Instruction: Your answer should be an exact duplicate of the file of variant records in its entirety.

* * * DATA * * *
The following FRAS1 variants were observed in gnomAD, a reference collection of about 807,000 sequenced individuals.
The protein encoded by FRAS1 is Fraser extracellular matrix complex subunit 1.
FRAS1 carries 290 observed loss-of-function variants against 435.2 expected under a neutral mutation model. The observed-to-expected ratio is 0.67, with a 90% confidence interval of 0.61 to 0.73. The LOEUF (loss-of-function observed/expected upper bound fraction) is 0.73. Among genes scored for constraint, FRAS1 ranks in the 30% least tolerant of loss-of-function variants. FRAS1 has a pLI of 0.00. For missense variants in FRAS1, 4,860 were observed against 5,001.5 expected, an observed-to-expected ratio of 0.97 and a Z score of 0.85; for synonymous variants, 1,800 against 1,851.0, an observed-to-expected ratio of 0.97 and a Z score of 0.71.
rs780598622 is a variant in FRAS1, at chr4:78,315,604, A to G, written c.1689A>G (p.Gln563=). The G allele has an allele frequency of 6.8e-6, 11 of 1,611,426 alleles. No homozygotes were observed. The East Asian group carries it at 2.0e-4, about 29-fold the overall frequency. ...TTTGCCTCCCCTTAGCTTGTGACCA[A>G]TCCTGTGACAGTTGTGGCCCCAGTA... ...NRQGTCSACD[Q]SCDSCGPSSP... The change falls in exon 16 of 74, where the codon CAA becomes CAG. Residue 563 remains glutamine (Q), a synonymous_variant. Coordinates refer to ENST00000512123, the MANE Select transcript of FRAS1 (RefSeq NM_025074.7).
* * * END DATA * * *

The following FRAS1 variants were observed in gnomAD, a reference collection of about 807,000 sequenced individuals.
The protein encoded by FRAS1 is Fraser extracellular matrix complex subunit 1.
FRAS1 carries 290 observed loss-of-function variants against 435.2 expected under a neutral mutation model. The observed-to-expected ratio is 0.67, with a 90% confidence interval of 0.61 to 0.73. The LOEUF (loss-of-function observed/expected upper bound fraction) is 0.73. Among genes scored for constraint, FRAS1 ranks in the 30% least tolerant of loss-of-function variants. FRAS1 has a pLI of 0.00. For missense variants in FRAS1, 4,860 were observed against 5,001.5 expected, an observed-to-expected ratio of 0.97 and a Z score of 0.85; for synonymous variants, 1,800 against 1,851.0, an observed-to-expected ratio of 0.97 and a Z score of 0.71.
rs780598622 is a variant in FRAS1, at chr4:78,315,604, A to G, written c.1689A>G (p.Gln563=). The G allele has an allele frequency of 6.8e-6, 11 of 1,611,426 alleles. No homozygotes were observed. The East Asian group carries it at 2.0e-4, about 29-fold the overall frequency. ...TTTGCCTCCCCTTAGCTTGTGACCA[A>G]TCCTGTGACAGTTGTGGCCCCAGTA... ...NRQGTCSACD[Q]SCDSCGPSSP... The change falls in exon 16 of 74, where the codon CAA becomes CAG. Residue 563 remains glutamine (Q), a synonymous_variant. Coordinates refer to ENST00000512123, the MANE Select transcript of FRAS1 (RefSeq NM_025074.7).